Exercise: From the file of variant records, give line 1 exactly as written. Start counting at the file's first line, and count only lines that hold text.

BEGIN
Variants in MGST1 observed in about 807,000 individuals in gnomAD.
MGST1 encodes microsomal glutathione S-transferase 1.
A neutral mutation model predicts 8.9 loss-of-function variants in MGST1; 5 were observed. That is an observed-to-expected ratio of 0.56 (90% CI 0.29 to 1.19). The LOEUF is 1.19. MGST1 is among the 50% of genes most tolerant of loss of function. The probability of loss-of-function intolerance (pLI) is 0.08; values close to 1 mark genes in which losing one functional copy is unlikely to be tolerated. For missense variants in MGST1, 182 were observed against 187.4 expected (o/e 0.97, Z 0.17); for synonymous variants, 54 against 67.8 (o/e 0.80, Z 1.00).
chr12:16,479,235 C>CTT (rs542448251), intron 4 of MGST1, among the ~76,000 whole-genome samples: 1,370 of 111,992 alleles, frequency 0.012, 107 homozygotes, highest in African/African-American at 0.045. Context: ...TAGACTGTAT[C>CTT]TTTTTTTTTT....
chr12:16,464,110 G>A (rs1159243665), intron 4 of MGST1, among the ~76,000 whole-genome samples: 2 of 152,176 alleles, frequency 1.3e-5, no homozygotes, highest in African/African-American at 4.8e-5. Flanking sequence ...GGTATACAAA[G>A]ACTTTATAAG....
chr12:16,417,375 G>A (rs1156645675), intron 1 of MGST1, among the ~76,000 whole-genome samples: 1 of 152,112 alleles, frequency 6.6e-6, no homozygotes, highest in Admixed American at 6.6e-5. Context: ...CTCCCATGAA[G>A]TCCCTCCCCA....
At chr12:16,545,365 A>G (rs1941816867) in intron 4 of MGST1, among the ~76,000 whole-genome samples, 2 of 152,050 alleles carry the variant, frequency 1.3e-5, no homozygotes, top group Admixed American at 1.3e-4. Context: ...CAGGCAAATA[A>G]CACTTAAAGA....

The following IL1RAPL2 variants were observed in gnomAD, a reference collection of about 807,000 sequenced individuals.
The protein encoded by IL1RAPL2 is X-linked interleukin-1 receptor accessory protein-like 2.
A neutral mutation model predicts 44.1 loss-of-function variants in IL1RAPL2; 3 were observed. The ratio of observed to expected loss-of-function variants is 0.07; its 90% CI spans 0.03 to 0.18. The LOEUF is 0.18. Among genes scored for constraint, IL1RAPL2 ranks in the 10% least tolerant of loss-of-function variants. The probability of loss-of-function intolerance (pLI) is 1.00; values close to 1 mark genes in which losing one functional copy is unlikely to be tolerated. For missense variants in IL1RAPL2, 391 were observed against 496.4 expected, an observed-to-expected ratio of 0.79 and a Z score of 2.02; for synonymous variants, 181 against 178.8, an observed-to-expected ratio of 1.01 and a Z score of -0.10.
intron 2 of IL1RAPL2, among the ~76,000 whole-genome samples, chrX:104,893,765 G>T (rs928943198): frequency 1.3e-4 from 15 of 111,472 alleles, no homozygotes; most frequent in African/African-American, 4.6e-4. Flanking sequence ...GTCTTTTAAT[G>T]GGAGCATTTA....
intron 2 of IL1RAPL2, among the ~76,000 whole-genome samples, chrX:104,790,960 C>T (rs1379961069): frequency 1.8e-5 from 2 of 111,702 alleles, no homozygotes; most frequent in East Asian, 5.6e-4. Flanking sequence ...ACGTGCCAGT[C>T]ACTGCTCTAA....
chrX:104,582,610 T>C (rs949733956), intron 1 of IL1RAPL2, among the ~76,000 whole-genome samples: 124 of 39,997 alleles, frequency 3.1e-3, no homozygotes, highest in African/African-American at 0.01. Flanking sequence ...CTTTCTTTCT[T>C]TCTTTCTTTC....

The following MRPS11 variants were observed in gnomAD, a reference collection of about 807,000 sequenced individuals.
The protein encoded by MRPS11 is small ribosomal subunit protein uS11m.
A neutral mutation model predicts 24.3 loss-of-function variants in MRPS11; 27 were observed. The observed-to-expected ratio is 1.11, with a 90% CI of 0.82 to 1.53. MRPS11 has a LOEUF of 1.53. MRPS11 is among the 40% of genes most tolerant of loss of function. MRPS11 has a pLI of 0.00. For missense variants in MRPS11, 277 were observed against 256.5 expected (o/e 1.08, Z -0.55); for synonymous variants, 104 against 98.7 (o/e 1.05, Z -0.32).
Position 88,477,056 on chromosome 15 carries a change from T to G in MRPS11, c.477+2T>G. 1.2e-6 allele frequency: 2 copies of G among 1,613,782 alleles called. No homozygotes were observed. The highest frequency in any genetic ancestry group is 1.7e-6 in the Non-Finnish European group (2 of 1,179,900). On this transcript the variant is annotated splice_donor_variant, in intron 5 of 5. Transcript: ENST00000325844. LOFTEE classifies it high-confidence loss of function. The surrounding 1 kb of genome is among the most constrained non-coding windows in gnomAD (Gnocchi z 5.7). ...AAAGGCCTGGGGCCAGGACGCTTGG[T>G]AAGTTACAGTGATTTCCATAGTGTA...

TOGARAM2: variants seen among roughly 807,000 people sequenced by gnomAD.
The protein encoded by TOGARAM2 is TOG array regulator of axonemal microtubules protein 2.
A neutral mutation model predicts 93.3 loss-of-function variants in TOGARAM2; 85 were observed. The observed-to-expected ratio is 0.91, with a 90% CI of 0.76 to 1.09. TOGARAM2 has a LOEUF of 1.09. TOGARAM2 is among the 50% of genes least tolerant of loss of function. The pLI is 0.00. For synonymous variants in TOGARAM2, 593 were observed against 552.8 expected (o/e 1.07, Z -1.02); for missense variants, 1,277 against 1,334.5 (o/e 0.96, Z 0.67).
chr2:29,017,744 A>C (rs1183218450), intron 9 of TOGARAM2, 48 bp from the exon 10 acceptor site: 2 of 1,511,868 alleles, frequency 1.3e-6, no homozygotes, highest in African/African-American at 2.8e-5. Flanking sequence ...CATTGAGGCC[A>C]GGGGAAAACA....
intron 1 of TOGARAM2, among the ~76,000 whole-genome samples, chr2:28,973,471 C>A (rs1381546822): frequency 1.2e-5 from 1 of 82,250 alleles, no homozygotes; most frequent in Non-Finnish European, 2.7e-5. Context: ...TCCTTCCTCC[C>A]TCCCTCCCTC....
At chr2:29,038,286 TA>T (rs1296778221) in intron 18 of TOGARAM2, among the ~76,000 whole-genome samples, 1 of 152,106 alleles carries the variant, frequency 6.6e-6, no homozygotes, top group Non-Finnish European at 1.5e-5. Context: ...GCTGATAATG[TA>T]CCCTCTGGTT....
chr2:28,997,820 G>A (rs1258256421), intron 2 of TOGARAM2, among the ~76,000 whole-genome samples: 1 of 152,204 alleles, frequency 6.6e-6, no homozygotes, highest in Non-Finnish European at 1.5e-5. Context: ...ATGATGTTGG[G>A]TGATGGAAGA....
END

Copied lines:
Variants in MGST1 observed in about 807,000 individuals in gnomAD.